While much of the talk today is about the use of IoT in home appliances and smartphones, the technology sets the stage for major big data developments — specifically in the form of improved levels of supply chain efficiency and inventory management. With IoT, products can communicate how they are actually being used, providing insight into customer behavior and preferences.
While this game-changing technology offers potential cost savings and productivity enhancements, hurdles remain. Standards are imperative; the industry must work with technology vendors to provide connected, interoperable components and systems. Another significant obstacle is security and privacy concerns — protecting both company and customer data.
Seeking the mobile toothbrush
Forrester reports that mobile will influence about $1 trillion in U.S. spending in the coming 12 months as mobile search, shopping and social interaction becomes the centerpiece of customers’ “always-on” way of life. Meanwhile, eMarketer reports that 25 percent of all U.S. e-commerce sales will take place via mobile devices by the end of 2016.
According to Forrester, 4.8 billion people globally will be using smartphones by the end of next year: The challenge for retailers will be finding a way to carve out a bit of real estate on those devices. Experts see mobile optimization rivaling the importance of desktop optimization.
In 2016, “deep links” to apps will become more prevalent. Still, the success of mobile apps comes down to ease of use and speed of purchase. If an app is to have real value it need to pass the “toothbrush test” — it has to prompt the consumer to use it every day.
That shrinking feeling
Macy’s plans to shut as many as 40 stores in early 2016, after closing several dozen over the last few years. Forty stores are on the chopping block at J.C. Penney, and Target will close 13 units at the end of January. Along with planned store closings, the industry will endure shrinking store counts as the office supply segment consolidates and Walgreens Boots Alliance swallows Rite Aid.
Experts point out that a leaner organization can often grow more profitably. Macy’s Backstage locations have begun to debut, Walmart’s Neighborhood Markets seem like compact Supercenters and Target is expanding its small-format stores, rebranding CityTarget and TargetExpress stores as Target. Kohl’s plans to open between five and 10 smaller stores, too.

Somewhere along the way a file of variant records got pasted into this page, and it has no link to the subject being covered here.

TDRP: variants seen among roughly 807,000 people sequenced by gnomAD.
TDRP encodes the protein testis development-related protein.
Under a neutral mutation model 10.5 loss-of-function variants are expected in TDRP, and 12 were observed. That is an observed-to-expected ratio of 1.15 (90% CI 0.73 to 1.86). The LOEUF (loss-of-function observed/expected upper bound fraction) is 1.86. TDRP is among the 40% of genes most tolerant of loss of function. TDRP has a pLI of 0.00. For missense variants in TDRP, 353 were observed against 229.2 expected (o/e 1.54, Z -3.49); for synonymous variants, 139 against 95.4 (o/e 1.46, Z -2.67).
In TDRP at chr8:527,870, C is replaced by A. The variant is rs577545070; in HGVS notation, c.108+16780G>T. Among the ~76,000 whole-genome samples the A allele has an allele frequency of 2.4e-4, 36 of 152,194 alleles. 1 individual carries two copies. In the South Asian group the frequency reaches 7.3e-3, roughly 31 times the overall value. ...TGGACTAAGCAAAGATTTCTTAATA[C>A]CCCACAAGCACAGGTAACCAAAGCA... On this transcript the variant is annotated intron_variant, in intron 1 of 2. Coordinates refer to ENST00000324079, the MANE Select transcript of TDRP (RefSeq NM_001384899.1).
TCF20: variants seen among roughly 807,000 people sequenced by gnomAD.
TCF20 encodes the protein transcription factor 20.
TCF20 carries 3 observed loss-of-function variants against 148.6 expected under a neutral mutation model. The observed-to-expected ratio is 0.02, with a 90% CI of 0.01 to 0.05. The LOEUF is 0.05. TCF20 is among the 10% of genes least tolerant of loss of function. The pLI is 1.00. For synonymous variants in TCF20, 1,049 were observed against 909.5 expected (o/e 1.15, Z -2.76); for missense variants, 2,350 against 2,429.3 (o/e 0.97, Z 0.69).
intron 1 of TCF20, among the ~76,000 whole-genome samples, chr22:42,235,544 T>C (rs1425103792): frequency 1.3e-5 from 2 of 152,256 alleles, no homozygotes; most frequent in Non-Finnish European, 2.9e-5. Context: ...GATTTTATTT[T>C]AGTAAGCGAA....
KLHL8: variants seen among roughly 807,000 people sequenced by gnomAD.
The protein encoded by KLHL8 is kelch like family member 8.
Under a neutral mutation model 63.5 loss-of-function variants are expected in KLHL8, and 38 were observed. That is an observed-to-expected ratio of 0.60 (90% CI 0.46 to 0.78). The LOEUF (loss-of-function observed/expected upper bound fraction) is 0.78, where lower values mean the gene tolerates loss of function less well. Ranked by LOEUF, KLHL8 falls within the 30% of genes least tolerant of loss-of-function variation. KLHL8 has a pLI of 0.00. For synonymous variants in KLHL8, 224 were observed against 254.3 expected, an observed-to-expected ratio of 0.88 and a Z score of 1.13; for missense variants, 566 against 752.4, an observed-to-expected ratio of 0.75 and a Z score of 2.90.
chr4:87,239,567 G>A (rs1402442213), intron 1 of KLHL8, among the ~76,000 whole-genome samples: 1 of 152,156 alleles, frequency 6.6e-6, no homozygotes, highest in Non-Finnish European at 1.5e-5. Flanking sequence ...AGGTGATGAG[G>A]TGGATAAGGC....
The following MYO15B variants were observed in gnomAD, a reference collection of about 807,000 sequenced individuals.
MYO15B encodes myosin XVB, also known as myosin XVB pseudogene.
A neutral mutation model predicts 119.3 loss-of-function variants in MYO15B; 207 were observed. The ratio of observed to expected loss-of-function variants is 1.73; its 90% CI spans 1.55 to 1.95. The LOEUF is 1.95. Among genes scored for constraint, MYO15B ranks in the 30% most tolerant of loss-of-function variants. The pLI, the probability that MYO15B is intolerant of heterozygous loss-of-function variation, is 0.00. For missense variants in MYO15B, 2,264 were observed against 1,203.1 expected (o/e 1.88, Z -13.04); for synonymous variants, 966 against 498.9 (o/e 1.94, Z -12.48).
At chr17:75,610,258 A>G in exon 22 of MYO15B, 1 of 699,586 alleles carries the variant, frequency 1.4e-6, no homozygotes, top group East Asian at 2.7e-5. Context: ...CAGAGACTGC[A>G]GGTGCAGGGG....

One-size rarely fits all in apparel, and retailers are realizing the same can be said of real estate strategy.
Next year we’ll have AI make the predictions
Retailers envision using the software algorithms that define artificial intelligence — including pattern recognition, deep-learning neural networks and computer vision — to generate decisions that help shape consumers’ user experience. It can be used for recommendations, dynamic pricing and promotions — and it gets smarter over time, learning from the data.
While AI will become more rooted in retail, virtual reality is knocking on the door. The goal is to use VR to create immersive, contextual experiences, customized to highlight brand assets and strengthen customer relationships.
Regardless, it’s time to test and explore. While the over-40 set may look askance at VR, younger shoppers who have been immersed in gaming since they were knee-high are inclined to embrace this new shopping experience being dubbed v-commerce.
New cybersecurity threats loom
The cat-and-mouse game between retailers and cybercriminals shows no signs of abating. Hackers will continue to find new ways to attack retailers’ networks, and retailers will continue to do everything in their power to thwart attempts.
Europay MasterCard Visa chip-based credit cards will provide an additional line of defense against counterfeit card fraud, but expect a chorus of voices (including NRF’s) to continue to argue that not requiring a PIN to complete a transaction makes this a half step forward at best.
Meanwhile, concerns are shifting to other potentially unprotected opportunities for hackers. Merchant data warehouses, unencrypted transmissions and card-not-present transactions will be under greater scrutiny.
As Internet of Things becomes more established, innovators need to keep an eye on protecting smart devices. Wider adoption translates into stronger interest on the part of criminals looking to steal personal data captured by these devices.
Rise of the data scientist
Success in 2016 boils down to smarter, data-driven decision-making. Intuition-based decisions will always play a role in retail, but true insight comes from combining different data sets — points of sale, weather reports, web traffic, competitors’ pricing data, even sensors.
Every merchant and marketer needs to be in sync with the ever-connected customer, and they’re challenged to go above and beyond brand promises. That requires a continued emphasis on breaking down organizational silos and connecting data across the retail organization. Consider that the entire Uber experience is predicated on data science and algorithms — a high bar, indeed.
It’s been said that understanding data science helps merchants speak a language that contributes to the bottom line from day one. It’s a huge opportunity, though a considerable conundrum remains: There is a dearth of data scientists today and those looking to tap into this expertise are finding that moving from aspiration to action is a longer process than anticipated.